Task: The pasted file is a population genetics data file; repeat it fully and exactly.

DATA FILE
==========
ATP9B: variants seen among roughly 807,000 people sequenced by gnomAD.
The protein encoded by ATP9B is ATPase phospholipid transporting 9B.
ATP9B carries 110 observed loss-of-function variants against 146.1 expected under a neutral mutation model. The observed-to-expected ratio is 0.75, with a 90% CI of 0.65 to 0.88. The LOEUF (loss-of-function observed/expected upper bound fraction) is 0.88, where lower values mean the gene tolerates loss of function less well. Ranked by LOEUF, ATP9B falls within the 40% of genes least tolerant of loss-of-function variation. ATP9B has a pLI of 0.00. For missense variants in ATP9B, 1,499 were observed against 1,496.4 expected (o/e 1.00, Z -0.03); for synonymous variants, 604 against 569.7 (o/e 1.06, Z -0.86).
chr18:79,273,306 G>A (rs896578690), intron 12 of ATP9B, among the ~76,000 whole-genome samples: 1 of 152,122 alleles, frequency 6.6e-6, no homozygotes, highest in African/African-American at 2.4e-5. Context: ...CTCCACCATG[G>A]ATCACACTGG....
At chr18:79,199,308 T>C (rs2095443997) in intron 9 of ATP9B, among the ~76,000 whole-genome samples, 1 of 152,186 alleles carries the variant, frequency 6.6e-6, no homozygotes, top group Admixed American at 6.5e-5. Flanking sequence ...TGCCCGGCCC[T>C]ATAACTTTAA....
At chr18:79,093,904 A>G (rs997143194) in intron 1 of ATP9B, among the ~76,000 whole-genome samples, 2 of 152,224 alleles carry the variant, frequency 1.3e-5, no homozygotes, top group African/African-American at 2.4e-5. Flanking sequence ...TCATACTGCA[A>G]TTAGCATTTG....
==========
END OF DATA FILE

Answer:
ATP9B: variants seen among roughly 807,000 people sequenced by gnomAD.
The protein encoded by ATP9B is ATPase phospholipid transporting 9B.
ATP9B carries 110 observed loss-of-function variants against 146.1 expected under a neutral mutation model. The observed-to-expected ratio is 0.75, with a 90% CI of 0.65 to 0.88. The LOEUF (loss-of-function observed/expected upper bound fraction) is 0.88, where lower values mean the gene tolerates loss of function less well. Ranked by LOEUF, ATP9B falls within the 40% of genes least tolerant of loss-of-function variation. ATP9B has a pLI of 0.00. For missense variants in ATP9B, 1,499 were observed against 1,496.4 expected (o/e 1.00, Z -0.03); for synonymous variants, 604 against 569.7 (o/e 1.06, Z -0.86).
chr18:79,273,306 G>A (rs896578690), intron 12 of ATP9B, among the ~76,000 whole-genome samples: 1 of 152,122 alleles, frequency 6.6e-6, no homozygotes, highest in African/African-American at 2.4e-5. Context: ...CTCCACCATG[G>A]ATCACACTGG....
At chr18:79,199,308 T>C (rs2095443997) in intron 9 of ATP9B, among the ~76,000 whole-genome samples, 1 of 152,186 alleles carries the variant, frequency 6.6e-6, no homozygotes, top group Admixed American at 6.5e-5. Flanking sequence ...TGCCCGGCCC[T>C]ATAACTTTAA....
At chr18:79,093,904 A>G (rs997143194) in intron 1 of ATP9B, among the ~76,000 whole-genome samples, 2 of 152,224 alleles carry the variant, frequency 1.3e-5, no homozygotes, top group African/African-American at 2.4e-5. Flanking sequence ...TCATACTGCA[A>G]TTAGCATTTG....